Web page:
Here, you can see Mary Pierce’s property over modern-day Ronan Park.

One of the most important things that Atlascope can help Bagley determine is whether or not there even is a site to uncover in a particular area.

“There’s been a couple of instances where the site would have been amazing until about 1870 when somebody put a massive brick building on top of it with a clear foundation that took out the really cool archaeological site. That happened recently when I was reviewing what was a florist directly north of Faneuil Hall that’s now Sephora. They were putting utilities in that building and were gonna be trenching and digging around it so I had jurisdiction, and I could have made them do a dig first but I was looking at that property and it would have been exactly where the Old Feather Store was, which is a really important building going back to the 17th century, one of the oldest houses that was standing until the 19th century, when it was torn down.

This map shows the area Bagley is talking about, in fact, immediately after the Old Feather Store was demolished and the property redeveloped.

“But the Bromleys told me that after the building was torn down, every square inch of that property was developed with solid building. So there is no yard anymore, because the yard would have been dug out for all the buildings that came in [after]. It could have been a really cool site if there was an archaeologist working in the late 19th century, but now it’s gone. So [Atlascope] allows me to kind of write off areas quickly and not get too far down the road for research which can take months before a dig. It’s both the thing that allows me to do the research but it also allows me to avoid research into things that are gone.”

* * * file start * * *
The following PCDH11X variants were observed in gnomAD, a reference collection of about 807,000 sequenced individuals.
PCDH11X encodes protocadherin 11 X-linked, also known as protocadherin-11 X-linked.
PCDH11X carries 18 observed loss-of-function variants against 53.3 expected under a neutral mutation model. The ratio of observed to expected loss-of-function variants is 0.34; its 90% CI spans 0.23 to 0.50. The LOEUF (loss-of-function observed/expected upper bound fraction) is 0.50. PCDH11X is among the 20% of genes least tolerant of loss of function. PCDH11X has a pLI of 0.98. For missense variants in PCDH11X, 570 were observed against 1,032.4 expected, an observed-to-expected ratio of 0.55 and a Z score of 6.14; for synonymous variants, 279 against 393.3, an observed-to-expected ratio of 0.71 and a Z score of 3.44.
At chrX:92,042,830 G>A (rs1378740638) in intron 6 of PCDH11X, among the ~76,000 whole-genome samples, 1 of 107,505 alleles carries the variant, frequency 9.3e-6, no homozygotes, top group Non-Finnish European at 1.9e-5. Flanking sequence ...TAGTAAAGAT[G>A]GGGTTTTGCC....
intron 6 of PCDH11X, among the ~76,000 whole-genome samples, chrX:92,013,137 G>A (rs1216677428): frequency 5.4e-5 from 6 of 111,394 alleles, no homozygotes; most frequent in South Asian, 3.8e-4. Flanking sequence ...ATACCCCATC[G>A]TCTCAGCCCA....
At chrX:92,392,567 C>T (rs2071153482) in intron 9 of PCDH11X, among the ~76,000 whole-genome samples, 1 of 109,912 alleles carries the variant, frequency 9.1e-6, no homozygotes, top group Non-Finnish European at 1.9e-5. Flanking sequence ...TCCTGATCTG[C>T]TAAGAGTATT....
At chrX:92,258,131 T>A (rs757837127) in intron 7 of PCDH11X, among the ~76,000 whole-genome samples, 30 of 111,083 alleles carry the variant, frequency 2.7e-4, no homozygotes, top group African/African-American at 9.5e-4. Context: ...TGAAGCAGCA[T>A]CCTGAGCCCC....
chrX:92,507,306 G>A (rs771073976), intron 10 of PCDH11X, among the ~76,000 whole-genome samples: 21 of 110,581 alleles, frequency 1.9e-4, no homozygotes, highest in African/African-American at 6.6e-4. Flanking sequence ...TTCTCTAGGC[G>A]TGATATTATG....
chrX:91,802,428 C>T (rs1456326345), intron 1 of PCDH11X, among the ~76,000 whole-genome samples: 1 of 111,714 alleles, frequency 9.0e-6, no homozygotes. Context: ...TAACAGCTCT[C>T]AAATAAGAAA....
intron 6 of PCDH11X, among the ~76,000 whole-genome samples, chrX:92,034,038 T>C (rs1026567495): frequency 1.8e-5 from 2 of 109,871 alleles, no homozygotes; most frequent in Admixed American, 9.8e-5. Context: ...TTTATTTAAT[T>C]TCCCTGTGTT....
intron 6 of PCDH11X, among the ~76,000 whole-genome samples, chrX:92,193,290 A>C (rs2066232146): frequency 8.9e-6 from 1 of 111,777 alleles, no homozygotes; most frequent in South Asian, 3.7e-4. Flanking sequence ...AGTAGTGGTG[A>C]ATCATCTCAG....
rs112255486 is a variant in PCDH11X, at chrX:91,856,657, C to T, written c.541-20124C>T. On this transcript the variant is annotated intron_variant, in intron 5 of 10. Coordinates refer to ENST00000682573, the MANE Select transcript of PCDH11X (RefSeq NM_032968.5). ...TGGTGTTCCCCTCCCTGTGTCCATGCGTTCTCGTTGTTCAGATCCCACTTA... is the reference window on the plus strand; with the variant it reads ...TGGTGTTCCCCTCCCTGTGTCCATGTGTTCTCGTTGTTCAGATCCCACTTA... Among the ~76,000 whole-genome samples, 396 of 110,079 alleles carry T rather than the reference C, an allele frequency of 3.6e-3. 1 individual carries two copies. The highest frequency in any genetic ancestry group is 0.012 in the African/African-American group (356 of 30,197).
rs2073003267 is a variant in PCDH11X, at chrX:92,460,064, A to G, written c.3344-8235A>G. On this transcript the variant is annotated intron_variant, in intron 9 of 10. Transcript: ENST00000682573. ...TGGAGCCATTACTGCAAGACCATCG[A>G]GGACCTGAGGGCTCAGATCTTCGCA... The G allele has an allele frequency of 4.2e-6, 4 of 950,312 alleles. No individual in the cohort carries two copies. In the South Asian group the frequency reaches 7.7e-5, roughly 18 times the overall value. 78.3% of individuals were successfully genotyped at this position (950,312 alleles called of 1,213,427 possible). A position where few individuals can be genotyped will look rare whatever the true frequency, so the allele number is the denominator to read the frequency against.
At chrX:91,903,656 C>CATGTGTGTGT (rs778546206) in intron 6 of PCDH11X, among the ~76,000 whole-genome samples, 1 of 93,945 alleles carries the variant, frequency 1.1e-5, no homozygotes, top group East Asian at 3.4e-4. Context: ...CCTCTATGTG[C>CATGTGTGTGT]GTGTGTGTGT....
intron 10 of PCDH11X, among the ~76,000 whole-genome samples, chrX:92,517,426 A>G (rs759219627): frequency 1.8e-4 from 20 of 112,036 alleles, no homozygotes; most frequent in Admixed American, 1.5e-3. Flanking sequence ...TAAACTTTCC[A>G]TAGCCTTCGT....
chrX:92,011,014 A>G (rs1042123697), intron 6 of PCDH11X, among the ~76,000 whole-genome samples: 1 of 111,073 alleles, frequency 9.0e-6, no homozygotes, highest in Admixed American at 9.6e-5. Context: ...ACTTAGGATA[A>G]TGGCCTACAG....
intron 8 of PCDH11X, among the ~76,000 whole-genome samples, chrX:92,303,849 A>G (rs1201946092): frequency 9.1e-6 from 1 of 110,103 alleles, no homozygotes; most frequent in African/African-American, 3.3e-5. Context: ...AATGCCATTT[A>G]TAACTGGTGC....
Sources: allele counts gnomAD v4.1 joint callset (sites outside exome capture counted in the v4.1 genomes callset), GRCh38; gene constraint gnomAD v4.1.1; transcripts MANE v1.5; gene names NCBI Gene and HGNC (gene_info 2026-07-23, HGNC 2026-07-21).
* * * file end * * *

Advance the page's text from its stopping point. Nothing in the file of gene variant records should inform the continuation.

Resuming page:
This map shows the Scollay Square area, developed so completely that every building touches and there is no yard.

Another nearby example Bagley brought up was Scollay Square, which was razed to build Government Center in the 1960s. Here, 19th century development had so thoroughly transformed the area that there would have been no extant area of pre-19th century yards. Because of this, Bagley could make the informed decision not to dig, knowing that the only sites he had to work with were rubble in mid-20th century basements.